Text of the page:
Proper Use of ibuprofen
A nurse or other trained health professional will give you ibuprofen in a hospital. ibuprofen is given through a needle placed in one of your veins.
Drink extra fluids so you will pass more urine while you are using ibuprofen. This will keep your kidneys working well and help prevent kidney problems.
Precautions While Using ibuprofen
It is very important that your doctor check your progress while you receive ibuprofen. This will allow your doctor to see if the medicine is working properly and to decide if you should continue to use it. Blood tests may be needed to check for unwanted effects.
ibuprofen may increase your risk of having a heart attack or stroke. This is more likely to occur in people who already have heart disease. People who use ibuprofen for a long time might also have a higher risk.
ibuprofen may cause bleeding in your stomach or intestines. This problem can happen without warning signs. This is more likely to occur if you have had a stomach ulcer in the past, if you smoke or drink alcohol regularly, are over 60 years of age, are in poor health, or are using certain other medicines (such as steroids or a blood thinner).
Liver problems may occur while you are using ibuprofen. Stop using ibuprofen and check with your doctor right away if you are having more than one of these symptoms: abdominal pain or tenderness; clay-colored stools; dark urine; decreased appetite; fever; headache; itching; loss of appetite; nausea and vomiting; skin rash; swelling of the feet or lower legs; unusual tiredness or weakness; or yellow eyes or skin.
ibuprofen may cause a serious type of allergic reaction called anaphylaxis. Anaphylaxis can be life-threatening and requires immediate medical attention. Call your doctor right away if you have a rash; itching; hoarseness; trouble breathing; trouble swallowing; or any swelling of your hands, face, or mouth after you get the injection.
Serious skin reactions can occur with ibuprofen. Check with your doctor right away if you have blistering, peeling, or loosening of the skin; red skin lesions; a severe skin rash or acne; sores or ulcers on the skin; or fever or chills while you are using ibuprofen.
Using ibuprofen while you are pregnant can harm your unborn baby. If you think you have become pregnant while using the medicine, tell your doctor right away.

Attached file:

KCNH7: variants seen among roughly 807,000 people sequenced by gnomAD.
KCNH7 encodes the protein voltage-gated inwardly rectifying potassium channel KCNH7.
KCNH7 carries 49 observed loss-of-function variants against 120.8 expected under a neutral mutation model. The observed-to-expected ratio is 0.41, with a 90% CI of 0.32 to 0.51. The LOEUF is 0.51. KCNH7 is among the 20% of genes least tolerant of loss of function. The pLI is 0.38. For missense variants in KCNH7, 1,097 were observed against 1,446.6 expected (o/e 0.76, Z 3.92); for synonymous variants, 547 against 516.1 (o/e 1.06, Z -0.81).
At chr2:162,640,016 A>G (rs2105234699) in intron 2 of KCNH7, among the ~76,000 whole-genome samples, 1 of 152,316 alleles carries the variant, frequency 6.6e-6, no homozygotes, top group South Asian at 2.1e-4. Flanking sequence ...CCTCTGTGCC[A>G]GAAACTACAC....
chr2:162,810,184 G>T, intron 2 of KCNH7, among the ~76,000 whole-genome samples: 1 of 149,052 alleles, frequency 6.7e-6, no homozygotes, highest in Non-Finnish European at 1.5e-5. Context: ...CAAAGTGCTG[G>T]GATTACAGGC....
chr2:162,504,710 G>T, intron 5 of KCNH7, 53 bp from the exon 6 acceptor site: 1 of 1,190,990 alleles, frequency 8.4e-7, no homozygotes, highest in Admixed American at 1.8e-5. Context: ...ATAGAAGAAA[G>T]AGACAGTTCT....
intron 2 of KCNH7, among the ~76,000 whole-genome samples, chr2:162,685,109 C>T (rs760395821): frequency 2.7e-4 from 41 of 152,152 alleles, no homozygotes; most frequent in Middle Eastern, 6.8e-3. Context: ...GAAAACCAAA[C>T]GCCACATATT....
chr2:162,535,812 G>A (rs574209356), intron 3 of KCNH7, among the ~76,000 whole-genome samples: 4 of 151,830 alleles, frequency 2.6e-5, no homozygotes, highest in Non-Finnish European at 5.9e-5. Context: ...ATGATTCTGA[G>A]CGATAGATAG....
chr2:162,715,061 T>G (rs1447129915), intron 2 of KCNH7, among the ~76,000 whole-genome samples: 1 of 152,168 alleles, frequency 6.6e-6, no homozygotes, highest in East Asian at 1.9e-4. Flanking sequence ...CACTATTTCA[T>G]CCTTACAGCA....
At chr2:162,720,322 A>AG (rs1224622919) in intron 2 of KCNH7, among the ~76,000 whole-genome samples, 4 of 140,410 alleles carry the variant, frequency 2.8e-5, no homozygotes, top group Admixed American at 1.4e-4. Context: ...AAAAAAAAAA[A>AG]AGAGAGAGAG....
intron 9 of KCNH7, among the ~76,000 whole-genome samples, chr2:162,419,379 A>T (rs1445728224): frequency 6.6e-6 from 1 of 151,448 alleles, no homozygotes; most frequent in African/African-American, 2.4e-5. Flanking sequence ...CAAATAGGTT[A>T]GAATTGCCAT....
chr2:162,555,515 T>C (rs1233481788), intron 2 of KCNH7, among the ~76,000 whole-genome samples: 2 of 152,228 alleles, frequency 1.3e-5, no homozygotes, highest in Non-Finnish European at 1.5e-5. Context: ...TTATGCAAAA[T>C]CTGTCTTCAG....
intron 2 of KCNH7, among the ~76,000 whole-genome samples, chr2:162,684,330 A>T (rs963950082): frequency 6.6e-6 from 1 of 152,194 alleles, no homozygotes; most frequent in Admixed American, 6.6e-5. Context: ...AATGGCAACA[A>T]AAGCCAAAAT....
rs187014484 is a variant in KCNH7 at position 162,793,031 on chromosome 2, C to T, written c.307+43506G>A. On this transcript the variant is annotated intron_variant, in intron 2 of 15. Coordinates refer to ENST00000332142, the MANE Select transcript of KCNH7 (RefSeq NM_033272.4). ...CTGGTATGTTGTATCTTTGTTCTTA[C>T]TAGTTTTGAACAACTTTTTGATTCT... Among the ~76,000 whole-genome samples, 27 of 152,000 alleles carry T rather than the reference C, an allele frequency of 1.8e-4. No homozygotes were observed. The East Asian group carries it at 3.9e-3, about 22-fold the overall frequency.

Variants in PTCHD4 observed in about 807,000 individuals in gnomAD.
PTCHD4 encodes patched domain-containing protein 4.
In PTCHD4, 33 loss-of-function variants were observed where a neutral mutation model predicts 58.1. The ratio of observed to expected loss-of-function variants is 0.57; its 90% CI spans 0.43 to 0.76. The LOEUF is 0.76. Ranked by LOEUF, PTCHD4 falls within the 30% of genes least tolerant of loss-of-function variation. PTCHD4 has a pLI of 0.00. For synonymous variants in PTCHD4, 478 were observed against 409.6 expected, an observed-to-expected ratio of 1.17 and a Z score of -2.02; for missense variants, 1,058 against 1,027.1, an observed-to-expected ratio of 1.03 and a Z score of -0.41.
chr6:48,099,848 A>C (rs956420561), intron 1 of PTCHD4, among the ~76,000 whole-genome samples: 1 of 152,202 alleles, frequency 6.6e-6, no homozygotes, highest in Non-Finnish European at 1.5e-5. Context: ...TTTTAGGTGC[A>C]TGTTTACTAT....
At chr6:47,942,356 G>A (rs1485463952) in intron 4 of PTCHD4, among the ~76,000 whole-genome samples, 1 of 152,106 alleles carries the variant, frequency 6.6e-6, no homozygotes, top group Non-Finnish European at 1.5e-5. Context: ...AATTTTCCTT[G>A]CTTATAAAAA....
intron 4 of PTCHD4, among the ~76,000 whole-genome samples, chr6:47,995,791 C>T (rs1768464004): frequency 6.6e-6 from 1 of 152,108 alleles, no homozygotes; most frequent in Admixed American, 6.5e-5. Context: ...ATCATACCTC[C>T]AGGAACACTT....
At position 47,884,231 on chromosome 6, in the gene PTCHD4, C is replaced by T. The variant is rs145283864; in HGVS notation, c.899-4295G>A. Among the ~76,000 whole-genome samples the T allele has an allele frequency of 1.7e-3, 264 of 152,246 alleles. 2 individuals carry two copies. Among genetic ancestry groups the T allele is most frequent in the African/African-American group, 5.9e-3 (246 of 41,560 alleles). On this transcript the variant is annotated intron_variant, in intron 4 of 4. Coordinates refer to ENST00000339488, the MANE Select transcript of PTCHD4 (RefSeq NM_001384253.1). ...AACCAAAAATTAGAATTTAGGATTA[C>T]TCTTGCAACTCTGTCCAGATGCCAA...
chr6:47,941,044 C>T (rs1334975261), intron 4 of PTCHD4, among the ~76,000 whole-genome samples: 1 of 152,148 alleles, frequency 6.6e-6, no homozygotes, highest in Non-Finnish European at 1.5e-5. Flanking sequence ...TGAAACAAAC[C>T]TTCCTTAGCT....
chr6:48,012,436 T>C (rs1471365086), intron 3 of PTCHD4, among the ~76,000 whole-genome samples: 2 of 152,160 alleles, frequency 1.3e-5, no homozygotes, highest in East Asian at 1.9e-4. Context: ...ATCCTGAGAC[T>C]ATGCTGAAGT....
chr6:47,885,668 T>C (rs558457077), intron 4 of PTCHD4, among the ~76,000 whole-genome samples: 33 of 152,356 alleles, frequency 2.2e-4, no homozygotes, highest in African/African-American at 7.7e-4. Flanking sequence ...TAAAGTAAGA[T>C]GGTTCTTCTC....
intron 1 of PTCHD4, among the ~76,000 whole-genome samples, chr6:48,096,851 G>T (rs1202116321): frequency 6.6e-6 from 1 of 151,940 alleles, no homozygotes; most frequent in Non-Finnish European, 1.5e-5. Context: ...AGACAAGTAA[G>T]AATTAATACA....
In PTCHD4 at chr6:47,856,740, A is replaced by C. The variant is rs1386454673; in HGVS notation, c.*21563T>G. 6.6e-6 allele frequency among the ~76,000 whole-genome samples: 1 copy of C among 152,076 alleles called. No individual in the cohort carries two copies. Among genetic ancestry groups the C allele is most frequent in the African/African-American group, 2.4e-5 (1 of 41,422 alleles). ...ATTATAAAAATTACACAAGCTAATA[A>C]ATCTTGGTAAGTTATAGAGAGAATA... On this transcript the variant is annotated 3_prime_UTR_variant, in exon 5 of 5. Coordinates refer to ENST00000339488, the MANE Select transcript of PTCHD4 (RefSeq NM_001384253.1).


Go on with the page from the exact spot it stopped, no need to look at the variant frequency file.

Check with your doctor immediately if blurred vision, difficulty in reading, or any other change in vision occurs during or after you receive ibuprofen. Your doctor may want you to have your eyes checked by an ophthalmologist (eye doctor).
Call your doctor right away if you have confusion, drowsiness, fever, a general feeling of illness, a headache, loss of appetite, nausea, stiff neck or back, or vomiting. These could be symptoms of a serious condition called meningitis.
Tell your doctor if you have unexplained weight gain or edema (fluid retention or body swelling) with ibuprofen.
ibuprofen Side Effects
Along with its needed effects, a medicine may cause some unwanted effects. Although not all of these side effects may occur, if they do occur they may need medical attention.
Check with your doctor or nurse immediately if any of the following side effects occur:More common
- Abdominal or stomach pain
- black, tarry stools
- bleeding gums
- blurred vision
- chest pain
- coughing up blood
- decreased urine
- difficulty in breathing or swallowing
- dizziness, faintness, or lightheadedness when getting up from a lying or sitting position suddenly
- dry mouth
- fast heartbeat
- fat in the stool
- fever or chills
- increased menstrual flow or vaginal bleeding
- increased thirst
- irregular heartbeat
- loss of appetite
- lower back or side pain
- mood changes
- muscle pain or cramps
- muscle twitching
- nausea or vomiting
- numbness or tingling in the hands, feet, or lips
- pain, warmth, or burning in the fingers, toes, and legs
- painful or difficult urination
- pale skin
- pounding in the ears
- problems with vision or hearing
- prolonged bleeding from cuts
- rapid breathing
- red or black, tarry stools
- red or dark brown urine
- shortness of breath
- slow or fast heartbeat
- sore throat
- sores, ulcers, or white spots on the lips or in the mouth
- swelling of the feet or lower legs
- swollen glands
- tightness in the chest
- troubled breathing with exertion
- unusual bleeding or bruising
- unusual tiredness or weakness
- Bloating or swelling of the face, arms, hands, lower legs, or feet
- decrease in frequency of urination
- decrease in urine volume
- difficulty in passing urine (dribbling)
- rapid weight gain
- unusual weight gain or loss
Some side effects may occur that usually do not need medical attention. These side effects may go away during treatment as your body adjusts to the medicine. Also, your health care professional may be able to tell you about ways to prevent or reduce some of these side effects. Check with your health care professional if any of the following side effects continue or are bothersome or if you have any questions about them:More common
- Excess air or gas in the stomach or intestines
- full feeling
- passing gas
- Abdominal or stomach discomfort
- acid or sour stomach
- stomach discomfort, upset, or pain
Other side effects not listed may also occur in some patients. If you notice any other effects, check with your healthcare professional.
Call your doctor for medical advice about side effects. You may report side effects to the FDA at 1-800-FDA-1088.
See also: Side effects (in more detail)